For most Arabs in Israel, access to land and the continuing Israeli measures to expel them from their homes are highly emotional topics. In this regard, ICG cautiously warns about the potential for escalation.
“In addition to restrictions on Muslim access to holy sites, especially in Jerusalem, discriminatory policies regarding land and housing have potential of sparking localized violence in the future, if the grievances are not addressed,” Ofer Zalzberg, senior analyst with ICG in Jerusalem, told IRIN.
About 93 percent of Israel’s land is nationalized, and much of it is allocated explicitly for Jewish communities. And while Arab citizens constitute 20 percent of the population, only about 3.5 percent of Israel’s land is owned by them.
The potential for conflict over land issues is particularly high in the Israeli Negev desert, where Bedouin communities have been struggling over land rights for years now, Zalzberg said, adding: “Jewish-Arab tensions within Israel are growing and may dangerously flare up.”
To many Arab citizens of Israel, questions of identity, self-definition and education lie at the heart of their perceived marginalization within a Jewish-dominated, Israeli state.
Teaching one’s own history
“Discrimination against Arab schools happens on three levels,” Yousef Jabareen, head of Dirasat, a policy think-tank for the Palestinian minority, told IRIN. “The first one is allocation of resources. Secondly, Palestinian-Arab identity is not recognized by the education system. And thirdly, there are simply no Arab educators inside the decision-making processes.”
Palestinian Arab schoolchildren make up about 25 percent of the country’s school students, or around 480,000 pupils. “We expect the Ministry of Education to allocate the same share of 25 percent to Arab education. Not three times less,” Jabareen said, adding: “We are currently facing a lack of about 6,000 classrooms in the Arab sector.”
In addition to a lack of classrooms, the drop-out rate among Arab pupils is two times higher than among Jewish students. Only 30 percent of Arabs who take the national matriculation exam needed to enter university also qualify, as compared to 75 percent of Jewish youths.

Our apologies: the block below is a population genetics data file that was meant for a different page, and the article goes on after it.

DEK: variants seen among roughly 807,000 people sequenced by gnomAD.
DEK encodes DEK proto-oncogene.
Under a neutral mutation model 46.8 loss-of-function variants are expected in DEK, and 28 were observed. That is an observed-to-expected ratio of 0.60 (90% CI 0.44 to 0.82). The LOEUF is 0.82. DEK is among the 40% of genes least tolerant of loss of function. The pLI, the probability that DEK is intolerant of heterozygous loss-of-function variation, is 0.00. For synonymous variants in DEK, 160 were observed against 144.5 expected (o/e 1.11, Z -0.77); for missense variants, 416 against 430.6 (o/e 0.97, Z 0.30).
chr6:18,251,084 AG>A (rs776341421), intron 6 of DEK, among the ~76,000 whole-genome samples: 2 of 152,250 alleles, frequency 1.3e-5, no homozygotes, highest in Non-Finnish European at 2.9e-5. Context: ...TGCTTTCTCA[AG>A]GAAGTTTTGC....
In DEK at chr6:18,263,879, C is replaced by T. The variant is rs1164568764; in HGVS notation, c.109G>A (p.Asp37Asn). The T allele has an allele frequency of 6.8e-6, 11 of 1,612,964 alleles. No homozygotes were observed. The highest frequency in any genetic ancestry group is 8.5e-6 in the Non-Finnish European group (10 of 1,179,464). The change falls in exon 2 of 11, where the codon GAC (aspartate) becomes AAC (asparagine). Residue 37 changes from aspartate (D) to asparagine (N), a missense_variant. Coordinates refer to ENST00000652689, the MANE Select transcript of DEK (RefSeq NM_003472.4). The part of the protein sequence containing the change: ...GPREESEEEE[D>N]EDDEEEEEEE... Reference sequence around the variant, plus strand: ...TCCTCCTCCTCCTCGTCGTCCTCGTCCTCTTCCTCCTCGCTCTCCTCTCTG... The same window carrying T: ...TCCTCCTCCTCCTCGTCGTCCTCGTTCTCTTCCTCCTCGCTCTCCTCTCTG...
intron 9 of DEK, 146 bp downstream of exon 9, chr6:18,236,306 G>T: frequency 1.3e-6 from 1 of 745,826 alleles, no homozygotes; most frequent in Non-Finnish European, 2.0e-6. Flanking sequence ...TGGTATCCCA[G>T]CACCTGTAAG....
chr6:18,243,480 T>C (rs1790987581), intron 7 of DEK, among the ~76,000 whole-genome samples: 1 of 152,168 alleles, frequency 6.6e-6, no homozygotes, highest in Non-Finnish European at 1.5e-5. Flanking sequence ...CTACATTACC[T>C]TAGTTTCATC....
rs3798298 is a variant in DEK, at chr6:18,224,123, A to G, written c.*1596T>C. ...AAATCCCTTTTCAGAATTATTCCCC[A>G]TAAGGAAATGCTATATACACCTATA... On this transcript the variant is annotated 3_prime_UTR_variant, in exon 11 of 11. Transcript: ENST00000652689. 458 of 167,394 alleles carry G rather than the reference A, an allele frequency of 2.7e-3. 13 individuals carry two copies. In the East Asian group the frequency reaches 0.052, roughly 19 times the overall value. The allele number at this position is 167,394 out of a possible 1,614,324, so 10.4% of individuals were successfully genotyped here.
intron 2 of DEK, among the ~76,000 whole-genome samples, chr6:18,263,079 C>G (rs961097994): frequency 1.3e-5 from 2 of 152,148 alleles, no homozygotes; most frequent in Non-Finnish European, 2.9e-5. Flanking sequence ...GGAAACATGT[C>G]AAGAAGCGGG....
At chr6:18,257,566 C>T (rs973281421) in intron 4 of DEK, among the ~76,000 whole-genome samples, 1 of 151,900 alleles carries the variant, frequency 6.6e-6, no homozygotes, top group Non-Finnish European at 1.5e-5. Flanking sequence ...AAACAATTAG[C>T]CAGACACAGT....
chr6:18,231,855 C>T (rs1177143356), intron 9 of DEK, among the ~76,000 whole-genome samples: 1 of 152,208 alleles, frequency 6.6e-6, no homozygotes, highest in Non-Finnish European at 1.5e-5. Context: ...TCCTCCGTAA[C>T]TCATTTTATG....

To Arab educators in Israel, an end to marginalization essentially means the permission to teach one’s history.
“One of the most important demands is that the [Israeli] Education Ministry allow Arab students to study their own history - to learn about the expulsion of Palestinians in 1948, about Palestinian protests, and about their own poetry and literature,” Jabareen said.
“Finding solutions to national identity issues will be necessary for reaching full reconciliation. Otherwise Palestinian Arabs will continue to feel marginalized, unable to feel that they belong, even if socio-economic equality is addressed,” Zalzberg said.
The ICG suggests changes in three stages. First, the Israeli state and its Arab citizens should try to lower tensions, while socio-economic inequalities should be reduced. In a second step, essential questions over the nature of the Arab minority and its status in Israel should be addressed through inter-communal dialogue.
But a grand bargain over rights between Israel’s Jewish and Arab communities is unlikely to happen, unless it is integrated into a wider Israeli-Palestinian peace process towards a two-state solution, the ICG report suggests: “Under one possible option, Palestinians would recognise Jews as Israel’s national majority with a right to self-determination, while the state would officially recognise Palestinian citizens as a national minority with equal individual as well as specific collective rights.”